Amendments                   17         8       -          -
Actuarial loss              478       210     190         22
Divestitures &
 Acquisitions                (4)        1       8          -
Curtailments & settlements   (6)       (1)      -          -
Total benefits paid        (246)     (223)    (50)       (34)
Effect of exchange rates    165       (83)      3         (3)
Benefit obligation
 - end of year           $6,051     5,026   1,015        782

Change in Plan Assets
Plan assets at fair value
 - beginning of year     $4,355     4,847      48         58
Actual return on
 plan assets               (611)     (276)    (12)        (8)
Company contributions     1,074        56      47         31
Plan participant
 Contributions               18        15       -          -
Divestitures                 (2)        -     (49)         -
Benefits paid from
 plan assets               (232)     (212)      -        (33)
Effect of exchange
 Rates                      103       (75)      -          -
Plan assets at fair value
 - end of year           $4,705     4,355      34         48

Amounts recognized in the Company's balance sheet consist of the following:

Retirement Plans Other Benefit Plans

(Dollars in Millions)      2002     2001      2002      2001

Plan assets less than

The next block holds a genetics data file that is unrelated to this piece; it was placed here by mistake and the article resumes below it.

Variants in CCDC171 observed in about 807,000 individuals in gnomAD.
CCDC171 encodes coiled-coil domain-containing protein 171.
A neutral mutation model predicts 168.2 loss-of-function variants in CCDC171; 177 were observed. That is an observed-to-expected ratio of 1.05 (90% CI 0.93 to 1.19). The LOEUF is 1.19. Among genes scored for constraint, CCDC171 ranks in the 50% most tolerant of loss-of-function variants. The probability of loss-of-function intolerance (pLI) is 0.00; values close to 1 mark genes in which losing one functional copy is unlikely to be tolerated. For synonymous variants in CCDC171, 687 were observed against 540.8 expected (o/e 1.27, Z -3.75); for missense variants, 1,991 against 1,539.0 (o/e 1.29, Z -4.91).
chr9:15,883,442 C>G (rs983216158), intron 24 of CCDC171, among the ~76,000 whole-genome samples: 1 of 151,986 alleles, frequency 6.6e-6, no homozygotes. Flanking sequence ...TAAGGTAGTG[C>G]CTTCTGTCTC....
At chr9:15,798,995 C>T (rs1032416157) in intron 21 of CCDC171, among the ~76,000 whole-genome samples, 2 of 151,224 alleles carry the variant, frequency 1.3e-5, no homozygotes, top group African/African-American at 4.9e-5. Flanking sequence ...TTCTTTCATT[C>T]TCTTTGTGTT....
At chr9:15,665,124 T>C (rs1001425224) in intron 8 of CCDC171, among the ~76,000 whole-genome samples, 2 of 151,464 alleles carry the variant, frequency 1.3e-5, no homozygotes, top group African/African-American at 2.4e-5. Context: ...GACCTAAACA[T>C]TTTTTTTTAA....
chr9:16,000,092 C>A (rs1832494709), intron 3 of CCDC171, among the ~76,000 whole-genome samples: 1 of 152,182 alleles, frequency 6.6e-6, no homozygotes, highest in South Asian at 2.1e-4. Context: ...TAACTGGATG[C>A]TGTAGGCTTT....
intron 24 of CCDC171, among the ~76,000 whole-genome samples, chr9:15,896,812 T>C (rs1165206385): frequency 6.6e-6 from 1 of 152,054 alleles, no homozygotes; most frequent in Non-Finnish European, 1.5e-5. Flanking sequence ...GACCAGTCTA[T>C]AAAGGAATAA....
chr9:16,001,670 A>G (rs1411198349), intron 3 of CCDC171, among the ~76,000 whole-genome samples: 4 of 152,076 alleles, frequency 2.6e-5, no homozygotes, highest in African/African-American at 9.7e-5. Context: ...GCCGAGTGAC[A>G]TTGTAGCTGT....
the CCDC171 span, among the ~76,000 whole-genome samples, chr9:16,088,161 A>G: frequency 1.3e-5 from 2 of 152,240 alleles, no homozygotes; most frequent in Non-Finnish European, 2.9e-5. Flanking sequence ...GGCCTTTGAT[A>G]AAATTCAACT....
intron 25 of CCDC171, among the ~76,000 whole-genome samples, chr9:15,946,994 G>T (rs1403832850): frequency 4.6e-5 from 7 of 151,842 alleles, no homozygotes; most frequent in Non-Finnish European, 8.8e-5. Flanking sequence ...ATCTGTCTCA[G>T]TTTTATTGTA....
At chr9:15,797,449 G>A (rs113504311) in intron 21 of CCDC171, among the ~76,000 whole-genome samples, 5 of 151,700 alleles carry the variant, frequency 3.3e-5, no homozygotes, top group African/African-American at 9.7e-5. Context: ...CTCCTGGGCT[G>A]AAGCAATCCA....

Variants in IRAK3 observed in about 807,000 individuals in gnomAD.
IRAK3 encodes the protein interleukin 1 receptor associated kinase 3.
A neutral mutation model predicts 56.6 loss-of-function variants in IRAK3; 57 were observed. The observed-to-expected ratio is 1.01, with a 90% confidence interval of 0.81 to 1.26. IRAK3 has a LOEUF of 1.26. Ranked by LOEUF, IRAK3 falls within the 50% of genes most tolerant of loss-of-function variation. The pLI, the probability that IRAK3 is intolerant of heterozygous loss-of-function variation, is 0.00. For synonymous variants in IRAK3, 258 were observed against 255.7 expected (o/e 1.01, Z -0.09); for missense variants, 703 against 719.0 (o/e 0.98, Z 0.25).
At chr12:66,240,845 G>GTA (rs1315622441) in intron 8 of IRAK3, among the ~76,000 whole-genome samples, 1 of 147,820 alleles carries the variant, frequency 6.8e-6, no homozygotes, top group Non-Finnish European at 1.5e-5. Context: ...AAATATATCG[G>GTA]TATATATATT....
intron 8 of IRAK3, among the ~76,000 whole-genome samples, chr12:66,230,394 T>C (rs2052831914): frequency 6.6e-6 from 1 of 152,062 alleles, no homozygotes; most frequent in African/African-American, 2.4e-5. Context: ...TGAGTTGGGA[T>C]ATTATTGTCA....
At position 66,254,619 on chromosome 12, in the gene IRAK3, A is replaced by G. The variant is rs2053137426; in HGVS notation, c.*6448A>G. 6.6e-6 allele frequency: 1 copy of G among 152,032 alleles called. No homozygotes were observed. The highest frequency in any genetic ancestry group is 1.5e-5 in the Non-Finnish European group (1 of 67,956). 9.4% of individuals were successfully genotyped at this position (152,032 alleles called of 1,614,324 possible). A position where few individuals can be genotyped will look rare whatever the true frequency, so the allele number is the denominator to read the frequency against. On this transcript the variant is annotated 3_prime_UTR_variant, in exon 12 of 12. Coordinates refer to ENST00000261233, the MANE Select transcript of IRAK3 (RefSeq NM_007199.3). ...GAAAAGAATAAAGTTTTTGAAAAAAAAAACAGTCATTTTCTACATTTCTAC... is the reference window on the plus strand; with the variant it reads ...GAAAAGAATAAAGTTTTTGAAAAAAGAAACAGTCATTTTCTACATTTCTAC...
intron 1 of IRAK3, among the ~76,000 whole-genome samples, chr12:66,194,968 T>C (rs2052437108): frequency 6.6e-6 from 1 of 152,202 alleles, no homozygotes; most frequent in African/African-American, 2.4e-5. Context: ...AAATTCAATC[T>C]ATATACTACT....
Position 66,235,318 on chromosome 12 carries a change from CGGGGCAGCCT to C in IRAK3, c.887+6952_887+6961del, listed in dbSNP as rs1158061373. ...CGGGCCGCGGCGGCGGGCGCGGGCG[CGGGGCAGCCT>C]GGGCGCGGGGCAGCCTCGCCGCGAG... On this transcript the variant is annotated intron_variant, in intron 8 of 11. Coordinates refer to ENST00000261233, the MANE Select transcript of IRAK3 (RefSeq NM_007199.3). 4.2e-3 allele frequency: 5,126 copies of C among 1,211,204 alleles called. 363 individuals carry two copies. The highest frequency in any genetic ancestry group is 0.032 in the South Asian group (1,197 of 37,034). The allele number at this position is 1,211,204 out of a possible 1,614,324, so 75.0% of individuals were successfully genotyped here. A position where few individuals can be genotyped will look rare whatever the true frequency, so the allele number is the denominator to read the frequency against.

projected benefit
 obligation             $(1,346)     (671)   (981)      (734)
Unrecognized actuarial
 losses/(gains)           1,588       (14)     92       (123)
Unrecognized prior
 service cost               124       118     (18)       (21)
Unrecognized net
 transition asset            (4)       (9)      -          -
Total recognized in the
 consolidated balance
 sheet                  $   362      (576)   (907)      (878)
Book reserves           $  (643)     (770)   (907)      (878)
Prepaid benefits            959       165       -          -
Intangible assets            13        14       -          -
Accumulated comprehensive
 Income                      33        15       -          -
Total recognized in
 consolidated balance
 sheet                     $362      (576)   (907)      (878)

A minimum pension liability adjustment is required when the actuarial present value of accumulated benefits (ABO) exceeds the fair value of plan assets and accrued pension liabilities. The minimum pension liability adjustments in 2002 and 2001 of $46 million and $29 million, respectively relate primarily to plans outside the U.S.

Plans with accumulated benefit obligations in excess of plan assets consist of the following:

Retirement Plans Other Benefit Plans

(Dollars in Millions)      2002     2001      2002      2001

Accumulated benefit
 Obligation               $(953)     (544)   (941)      (782)
Projected benefit
 Obligation             $(1,024)     (645)      -          -
Plan assets at
 fair value             $   305       111      34         48

14 Marketable Securities
                                   December 29, 2002
                                    Un-      Un-
                                    real-    real-     Est
                              Net   ized     ized      Fair
                             Cost   Gains    Losses    Value

Money market funds         $  701      -        -       701
Commercial paper               35      -        -        35
Time deposits                 754      -        -       754
Government securities
  and obligations           1,976      3        -     1,979
Asset backed securities         -      -        -         -
Bank notes                     18      -        -        18